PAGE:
ASUP Reacts As FG Converts 24 Polytechnics, Colleges of Education to Universities- See List
No fewer than 24 polytechnics and colleges of education have been converted to universities by the federal and state governments,
However, the Academic Staff Union of Polytechnics and education reform activists tagged the move as a plan to “bury” the essence of technical education in the country.
Over the years, governors and members of the National Assembly came under fire over what was tagged as the unlawful proliferation of universities in the country.
The Academic Staff Union of Universities, in a statement, warned against the establishment of new universities amid paucity of funds for the sustainability of the established institutions.
Experts argued that the trend of upgrading polytechnics and colleges of education to universities was becoming worrisome considering the function the two cadres play in producing middle-level manpower.
Polytechnic education provides technical and vocational training, technology transfer and skills development to enhance the socio-economic development of the country, while colleges of education are tasked with producing professionally-trained teachers for vocational and technical secondary schools to meet the nation’s requirements for technological take-off as provided in the National Policy on Education.
Recently, the President Bola Tinubu-led Federal Government approved the conversion of two colleges of education, namely the Adeyemi College of Education and the Alvan Ikoku College of Education, to universities.
Earlier in the year, the immediate-past governor of Kano State, Abdullahi Ganduje, converted the state-owned college of education, Saadatu Rimi College of Education, into a university.
The Oyo State Governor, Seyi Makinde, upgraded the state-owned Emmanuel Alayande College of Education to a university of education.
Earlier, the immediate-past governor of Osun State, Gboyega Oyetola, announced the conversion of the Osun State College of Education, Ilesha, to the University of Ilesha.
Similarly, the Lagos State Governor, Babajide Sanwoolu, announced the conversion of the Adeniran Ogunsanya College of Education and the Michael Otedola College of Education to the Lagos State University of Education.
The governor also announced the upgrade of the Lagos State Polytechnic to the Lagos State University of Science and Technology.
In March 2022, the former governor of Sokoto State, Aminu Tambuwal, received approval from the National Universities Commission to upgrade the state-owned Shehu Shagari College of Education, Sokoto, to a university.
The Immediate-past governor of Delta State, Ifeanyi Okowa, in 2021, announced the conversion of the College of Education, Agbor, to the Delta State University of Education, and the Delta State Polytechnic, Ozoro, to the Delta State University of Science and Technology.
Some of the other affected polytechnics and colleges of education are the Abia State Polytechnic; Abia State College of Education; Abia State College of Health Sciences and Management Studies; Federal Polytechnic, Ilaro; Federal Polytechnic, Ofa; Yaba College of Technology; and the Kaduna State Polytechnic, among others.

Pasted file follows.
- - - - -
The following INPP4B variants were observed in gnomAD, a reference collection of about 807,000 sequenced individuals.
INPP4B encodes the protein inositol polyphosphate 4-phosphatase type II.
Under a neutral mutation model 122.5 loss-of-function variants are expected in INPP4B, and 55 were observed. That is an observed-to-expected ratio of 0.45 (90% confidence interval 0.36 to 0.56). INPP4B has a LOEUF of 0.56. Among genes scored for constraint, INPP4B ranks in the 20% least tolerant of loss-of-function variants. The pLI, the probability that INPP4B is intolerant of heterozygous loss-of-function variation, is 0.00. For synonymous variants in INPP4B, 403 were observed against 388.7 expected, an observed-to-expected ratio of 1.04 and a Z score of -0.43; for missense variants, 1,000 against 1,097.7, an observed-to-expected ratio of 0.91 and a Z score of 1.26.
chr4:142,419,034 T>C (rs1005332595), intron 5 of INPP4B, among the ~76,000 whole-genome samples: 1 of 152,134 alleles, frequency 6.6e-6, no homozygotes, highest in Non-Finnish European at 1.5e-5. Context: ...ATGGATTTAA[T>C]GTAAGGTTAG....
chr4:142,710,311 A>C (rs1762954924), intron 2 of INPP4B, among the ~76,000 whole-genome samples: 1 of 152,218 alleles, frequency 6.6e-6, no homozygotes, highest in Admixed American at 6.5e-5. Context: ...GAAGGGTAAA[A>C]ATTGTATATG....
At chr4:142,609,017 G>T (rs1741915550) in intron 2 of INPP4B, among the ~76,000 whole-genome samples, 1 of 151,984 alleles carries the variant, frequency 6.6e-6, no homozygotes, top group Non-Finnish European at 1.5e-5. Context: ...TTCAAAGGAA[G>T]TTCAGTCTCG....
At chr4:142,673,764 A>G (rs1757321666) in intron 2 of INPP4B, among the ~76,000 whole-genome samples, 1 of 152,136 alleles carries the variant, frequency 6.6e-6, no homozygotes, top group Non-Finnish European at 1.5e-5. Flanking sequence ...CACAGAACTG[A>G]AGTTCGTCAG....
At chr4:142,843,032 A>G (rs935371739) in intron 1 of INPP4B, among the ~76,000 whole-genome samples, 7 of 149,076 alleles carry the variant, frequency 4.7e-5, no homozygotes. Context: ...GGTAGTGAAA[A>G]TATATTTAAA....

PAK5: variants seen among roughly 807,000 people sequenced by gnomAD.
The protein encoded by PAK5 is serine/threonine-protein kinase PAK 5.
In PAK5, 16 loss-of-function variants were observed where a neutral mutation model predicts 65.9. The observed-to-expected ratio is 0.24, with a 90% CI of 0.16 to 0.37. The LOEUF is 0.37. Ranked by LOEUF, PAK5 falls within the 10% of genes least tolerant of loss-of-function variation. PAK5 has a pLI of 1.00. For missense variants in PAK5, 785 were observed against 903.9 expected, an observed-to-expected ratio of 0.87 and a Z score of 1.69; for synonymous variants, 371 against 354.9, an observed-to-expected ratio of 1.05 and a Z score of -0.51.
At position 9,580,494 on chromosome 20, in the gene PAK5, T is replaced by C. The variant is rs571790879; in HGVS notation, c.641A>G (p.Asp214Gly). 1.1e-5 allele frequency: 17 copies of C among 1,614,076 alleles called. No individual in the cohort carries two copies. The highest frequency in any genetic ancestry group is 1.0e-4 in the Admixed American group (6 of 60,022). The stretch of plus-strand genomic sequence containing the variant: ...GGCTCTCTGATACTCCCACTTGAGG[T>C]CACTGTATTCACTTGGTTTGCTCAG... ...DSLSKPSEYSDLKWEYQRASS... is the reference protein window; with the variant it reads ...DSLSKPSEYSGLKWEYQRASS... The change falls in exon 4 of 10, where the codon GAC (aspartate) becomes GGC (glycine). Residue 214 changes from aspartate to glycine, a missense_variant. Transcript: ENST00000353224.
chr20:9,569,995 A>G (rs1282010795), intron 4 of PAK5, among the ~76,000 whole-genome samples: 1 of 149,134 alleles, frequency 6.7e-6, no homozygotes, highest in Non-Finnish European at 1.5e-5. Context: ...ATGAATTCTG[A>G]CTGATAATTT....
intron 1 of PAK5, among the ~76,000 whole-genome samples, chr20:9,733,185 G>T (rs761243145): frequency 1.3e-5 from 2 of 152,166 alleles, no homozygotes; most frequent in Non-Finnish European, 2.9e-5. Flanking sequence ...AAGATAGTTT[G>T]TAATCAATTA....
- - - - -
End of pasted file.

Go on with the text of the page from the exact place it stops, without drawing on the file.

Though the Executive Secretary, NUC, Prof Abubakar Rasheed, noted that the reason for the upgrade of the institutions to universities was to increase access to university education for citizens, the National President of ASUP, Dr Anderson Ezeibe, described it as a frivolous upgrade and a “manifestation of lack of consistency in pursuit of vision by proprietors of public polytechnics in the country.”
Ezeibe stated, “Polytechnics were established to produce professionals in technical/technological and vocational education, which should address national manpower needs in such a direction. This is why the practical component in the curricula for polytechnics is higher as they are expected to produce people with hands-on expertise. This is not the same with universities.
“The question for those who are on this voyage of conversion, like the Lagos State Government, is whether the need for such manpower has been satisfied. The principal reason for the poorly-thought-out conversion is just because the enrolment figures are dropping across polytechnics due to the discrimination against the polytechnics and their products as well as the rustic and anachronistic policies of the government on degree-awarding status for the polytechnics.”
The ASUP President raised the alarm that the future of that level of tertiary education was at risk.
He added, “That’s the reason why our union is crying out as the future of the polytechnics is at stake. Our proposal of allowing polytechnics to attain degree-awarding status will resolve all these issues: satisfy the quest for degree-level certification, deepen technical/technological education through curricula enhancement, retain the expanding pool of qualified manpower in the polytechnics, attract funding, and stop the HND/degree dichotomy.
“We are saying that polytechnics should retain the OND certification as middle-level manpower and use the same as feed for a bachelor of technology certification to be awarded by polytechnics in their names as polytechnics if requirements to be set out for this are met.”